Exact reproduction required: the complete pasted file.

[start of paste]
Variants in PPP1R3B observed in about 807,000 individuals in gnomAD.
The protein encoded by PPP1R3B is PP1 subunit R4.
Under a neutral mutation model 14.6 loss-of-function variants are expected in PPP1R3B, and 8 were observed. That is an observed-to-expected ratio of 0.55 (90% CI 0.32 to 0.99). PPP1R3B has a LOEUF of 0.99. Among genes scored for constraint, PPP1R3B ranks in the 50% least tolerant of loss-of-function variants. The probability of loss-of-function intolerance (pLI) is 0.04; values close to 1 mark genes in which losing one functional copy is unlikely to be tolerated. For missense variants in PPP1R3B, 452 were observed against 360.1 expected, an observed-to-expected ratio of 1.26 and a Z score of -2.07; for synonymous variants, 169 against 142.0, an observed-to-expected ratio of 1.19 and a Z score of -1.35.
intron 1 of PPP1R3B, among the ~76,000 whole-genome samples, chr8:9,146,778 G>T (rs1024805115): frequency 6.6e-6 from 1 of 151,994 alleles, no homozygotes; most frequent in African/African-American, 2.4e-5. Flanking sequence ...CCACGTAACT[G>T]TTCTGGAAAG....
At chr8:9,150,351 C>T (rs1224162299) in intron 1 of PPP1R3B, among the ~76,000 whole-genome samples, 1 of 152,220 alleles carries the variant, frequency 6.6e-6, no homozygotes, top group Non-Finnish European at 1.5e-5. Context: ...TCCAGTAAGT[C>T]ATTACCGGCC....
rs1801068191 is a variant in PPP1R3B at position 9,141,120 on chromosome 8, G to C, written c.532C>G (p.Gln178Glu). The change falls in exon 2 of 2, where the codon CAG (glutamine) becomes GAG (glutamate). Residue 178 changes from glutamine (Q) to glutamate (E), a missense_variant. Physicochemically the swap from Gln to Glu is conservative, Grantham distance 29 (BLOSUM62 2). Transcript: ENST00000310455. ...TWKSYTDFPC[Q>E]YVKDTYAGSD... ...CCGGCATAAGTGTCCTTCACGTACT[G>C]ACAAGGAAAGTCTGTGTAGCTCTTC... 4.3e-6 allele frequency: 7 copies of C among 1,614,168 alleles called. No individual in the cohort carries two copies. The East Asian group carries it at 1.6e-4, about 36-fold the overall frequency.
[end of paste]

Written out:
Variants in PPP1R3B observed in about 807,000 individuals in gnomAD.
The protein encoded by PPP1R3B is PP1 subunit R4.
Under a neutral mutation model 14.6 loss-of-function variants are expected in PPP1R3B, and 8 were observed. That is an observed-to-expected ratio of 0.55 (90% CI 0.32 to 0.99). PPP1R3B has a LOEUF of 0.99. Among genes scored for constraint, PPP1R3B ranks in the 50% least tolerant of loss-of-function variants. The probability of loss-of-function intolerance (pLI) is 0.04; values close to 1 mark genes in which losing one functional copy is unlikely to be tolerated. For missense variants in PPP1R3B, 452 were observed against 360.1 expected, an observed-to-expected ratio of 1.26 and a Z score of -2.07; for synonymous variants, 169 against 142.0, an observed-to-expected ratio of 1.19 and a Z score of -1.35.
intron 1 of PPP1R3B, among the ~76,000 whole-genome samples, chr8:9,146,778 G>T (rs1024805115): frequency 6.6e-6 from 1 of 151,994 alleles, no homozygotes; most frequent in African/African-American, 2.4e-5. Flanking sequence ...CCACGTAACT[G>T]TTCTGGAAAG....
At chr8:9,150,351 C>T (rs1224162299) in intron 1 of PPP1R3B, among the ~76,000 whole-genome samples, 1 of 152,220 alleles carries the variant, frequency 6.6e-6, no homozygotes, top group Non-Finnish European at 1.5e-5. Context: ...TCCAGTAAGT[C>T]ATTACCGGCC....
rs1801068191 is a variant in PPP1R3B at position 9,141,120 on chromosome 8, G to C, written c.532C>G (p.Gln178Glu). The change falls in exon 2 of 2, where the codon CAG (glutamine) becomes GAG (glutamate). Residue 178 changes from glutamine (Q) to glutamate (E), a missense_variant. Physicochemically the swap from Gln to Glu is conservative, Grantham distance 29 (BLOSUM62 2). Transcript: ENST00000310455. ...TWKSYTDFPC[Q>E]YVKDTYAGSD... ...CCGGCATAAGTGTCCTTCACGTACT[G>C]ACAAGGAAAGTCTGTGTAGCTCTTC... 4.3e-6 allele frequency: 7 copies of C among 1,614,168 alleles called. No individual in the cohort carries two copies. The East Asian group carries it at 1.6e-4, about 36-fold the overall frequency.